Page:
Although it is most unlikely to occur in the short term, there are reasons why an increase in interest rates, in the UK and elsewhere, would be most welcome.  While savers would be incidental beneficiaries, the key point is that modest increases in interest rates would provide a signal that central bankers were beginning to feel that recovery is becoming more entrenched so that less intervention is therefore necessary, or appropriate.  We are of course some way from this in many parts of the world but there are signs that, in the USA in particular, recovery is becoming established and the Federal Reserve’s Quantitative Easing (QE) programme could start to be scaled back as the year progresses.

Market movements towards the end of May indicated how sensitive both fixed interest and equity prices might be to this development.  In the case of the former, where central bank purchases of Government bonds and other fixed interest instruments have pushed prices materially higher, a running down of this support could have a considerable adverse impact on fixed interest values which might commence before any actual interest rate increases take place.  Therefore, a run-down of QE, leading potentially to its cessation (as may already happened in the UK,) carries fixed interest risk in particular and will need most careful management as and when prospects for stability and growth re-emerge more widely.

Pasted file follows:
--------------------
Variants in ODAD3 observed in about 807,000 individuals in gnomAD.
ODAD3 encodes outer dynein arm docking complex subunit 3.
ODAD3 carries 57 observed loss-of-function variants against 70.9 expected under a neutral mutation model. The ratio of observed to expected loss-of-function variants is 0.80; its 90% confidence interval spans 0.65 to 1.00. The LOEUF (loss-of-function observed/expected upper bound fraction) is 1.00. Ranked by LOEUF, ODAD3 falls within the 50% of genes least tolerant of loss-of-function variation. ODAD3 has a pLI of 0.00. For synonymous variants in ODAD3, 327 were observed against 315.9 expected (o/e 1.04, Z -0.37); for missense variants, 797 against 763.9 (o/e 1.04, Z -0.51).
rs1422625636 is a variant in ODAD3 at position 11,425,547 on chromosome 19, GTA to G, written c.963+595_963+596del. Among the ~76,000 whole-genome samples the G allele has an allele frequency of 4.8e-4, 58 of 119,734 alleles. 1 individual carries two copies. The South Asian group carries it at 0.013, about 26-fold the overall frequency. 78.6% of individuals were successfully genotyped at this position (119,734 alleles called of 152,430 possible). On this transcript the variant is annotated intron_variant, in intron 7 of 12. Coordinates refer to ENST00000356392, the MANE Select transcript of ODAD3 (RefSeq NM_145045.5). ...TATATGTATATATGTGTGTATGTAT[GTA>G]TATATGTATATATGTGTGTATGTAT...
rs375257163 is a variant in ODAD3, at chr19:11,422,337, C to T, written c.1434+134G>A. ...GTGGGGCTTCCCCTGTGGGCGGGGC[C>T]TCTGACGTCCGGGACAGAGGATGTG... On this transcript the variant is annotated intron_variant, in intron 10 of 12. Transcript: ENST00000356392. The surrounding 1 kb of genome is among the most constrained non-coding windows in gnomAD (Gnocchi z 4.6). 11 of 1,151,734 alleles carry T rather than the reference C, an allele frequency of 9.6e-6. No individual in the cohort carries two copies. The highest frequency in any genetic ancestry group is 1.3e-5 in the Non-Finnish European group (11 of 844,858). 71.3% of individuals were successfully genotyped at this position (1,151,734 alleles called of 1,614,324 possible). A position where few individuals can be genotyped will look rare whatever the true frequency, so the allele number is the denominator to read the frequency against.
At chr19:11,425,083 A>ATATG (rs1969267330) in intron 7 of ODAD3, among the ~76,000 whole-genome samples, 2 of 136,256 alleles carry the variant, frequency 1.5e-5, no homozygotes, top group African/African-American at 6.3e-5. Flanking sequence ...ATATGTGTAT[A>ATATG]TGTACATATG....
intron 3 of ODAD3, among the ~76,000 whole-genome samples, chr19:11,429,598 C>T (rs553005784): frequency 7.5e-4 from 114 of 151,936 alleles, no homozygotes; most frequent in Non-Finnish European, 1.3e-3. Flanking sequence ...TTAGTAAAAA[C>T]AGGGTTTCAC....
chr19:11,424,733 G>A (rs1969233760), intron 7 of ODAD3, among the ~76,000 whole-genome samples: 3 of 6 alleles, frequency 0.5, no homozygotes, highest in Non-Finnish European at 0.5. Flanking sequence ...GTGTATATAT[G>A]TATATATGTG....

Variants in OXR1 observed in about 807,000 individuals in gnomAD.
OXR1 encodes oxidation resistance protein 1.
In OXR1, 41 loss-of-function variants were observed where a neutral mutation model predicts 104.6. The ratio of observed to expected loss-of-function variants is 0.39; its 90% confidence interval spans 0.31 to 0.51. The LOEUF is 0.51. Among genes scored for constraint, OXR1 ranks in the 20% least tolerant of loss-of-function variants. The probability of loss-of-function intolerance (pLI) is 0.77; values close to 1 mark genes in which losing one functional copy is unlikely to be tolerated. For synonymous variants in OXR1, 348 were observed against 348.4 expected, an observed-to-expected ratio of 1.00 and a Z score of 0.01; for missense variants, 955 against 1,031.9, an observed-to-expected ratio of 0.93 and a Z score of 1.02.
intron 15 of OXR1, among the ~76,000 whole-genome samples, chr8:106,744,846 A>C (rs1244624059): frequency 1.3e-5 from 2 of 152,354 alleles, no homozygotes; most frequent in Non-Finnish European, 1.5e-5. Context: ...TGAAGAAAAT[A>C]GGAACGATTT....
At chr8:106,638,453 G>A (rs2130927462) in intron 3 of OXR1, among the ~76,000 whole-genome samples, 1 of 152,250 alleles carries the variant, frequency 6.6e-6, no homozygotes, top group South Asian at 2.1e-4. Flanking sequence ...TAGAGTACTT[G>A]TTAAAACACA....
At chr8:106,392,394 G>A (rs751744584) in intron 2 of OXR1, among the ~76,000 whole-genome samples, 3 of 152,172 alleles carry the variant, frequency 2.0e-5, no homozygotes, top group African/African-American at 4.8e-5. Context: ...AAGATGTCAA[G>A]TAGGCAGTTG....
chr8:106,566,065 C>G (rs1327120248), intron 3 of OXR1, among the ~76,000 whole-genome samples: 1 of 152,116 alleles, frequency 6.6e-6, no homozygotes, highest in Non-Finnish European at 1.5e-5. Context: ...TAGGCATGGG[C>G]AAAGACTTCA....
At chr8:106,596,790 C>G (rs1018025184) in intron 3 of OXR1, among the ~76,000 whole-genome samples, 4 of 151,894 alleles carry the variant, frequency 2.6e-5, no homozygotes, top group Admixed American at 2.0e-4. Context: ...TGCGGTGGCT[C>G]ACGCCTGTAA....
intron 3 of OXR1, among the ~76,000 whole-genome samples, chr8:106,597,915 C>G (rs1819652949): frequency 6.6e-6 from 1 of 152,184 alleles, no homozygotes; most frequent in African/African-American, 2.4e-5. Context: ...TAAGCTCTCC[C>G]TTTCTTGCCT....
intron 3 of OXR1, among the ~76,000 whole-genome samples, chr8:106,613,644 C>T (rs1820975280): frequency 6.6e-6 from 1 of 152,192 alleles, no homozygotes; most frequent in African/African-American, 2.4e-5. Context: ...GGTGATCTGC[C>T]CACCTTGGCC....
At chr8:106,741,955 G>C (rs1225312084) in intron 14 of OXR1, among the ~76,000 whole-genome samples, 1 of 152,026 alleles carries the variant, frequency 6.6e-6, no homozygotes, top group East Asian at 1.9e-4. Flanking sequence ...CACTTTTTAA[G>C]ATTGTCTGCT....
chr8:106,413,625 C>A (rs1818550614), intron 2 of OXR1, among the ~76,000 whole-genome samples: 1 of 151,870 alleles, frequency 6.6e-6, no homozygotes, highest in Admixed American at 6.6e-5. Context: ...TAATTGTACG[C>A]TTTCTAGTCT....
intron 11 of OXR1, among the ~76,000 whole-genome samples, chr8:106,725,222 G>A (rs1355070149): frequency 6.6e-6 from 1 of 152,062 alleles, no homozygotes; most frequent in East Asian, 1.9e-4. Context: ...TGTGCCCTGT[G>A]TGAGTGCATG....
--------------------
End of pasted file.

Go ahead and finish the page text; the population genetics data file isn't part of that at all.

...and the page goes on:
In Japan there is a very different picture in that large scale QE looks set to be underway for some time as the new Government is determined to reverse the damagingly deflationary spiral that has been entrenched there for many years.

All of this leads me to conclude that we are right to continue to underweight fixed interest exposure within client’s portfolios as the long bull market in this asset class looks to be heading towards a gradual conclusion over the next two or three years.

Equities, on the other hand, are in a very different situation, being generally much less exposed to interest rate movements than they were say five years ago as a consequence of action taken to build profits, restore balance sheet strength, and reduce costs by, among other things, paying down old high interest rate debt and where necessary replacing it with new lower cost facilities which will stand them in good stead for years to come.  I consider it highly unlikely that central banks will either back pedal on QE or push interest rates higher without most careful consideration of the result of their actions on the corporate sector, so that in my view May’s equity market correction has been overdone in much the same way as one can argue that markets rose rather too quickly in the earlier months of the year.

In summary, equities continue to offer sound medium term value and where it is appropriate from a risk perspective, we continue to be overweight in the sector.  Fixed interest investments are fully valued, but of course remain appropriate for many, particularly in the context of tax advantaged accounts, including ISAs and pensions.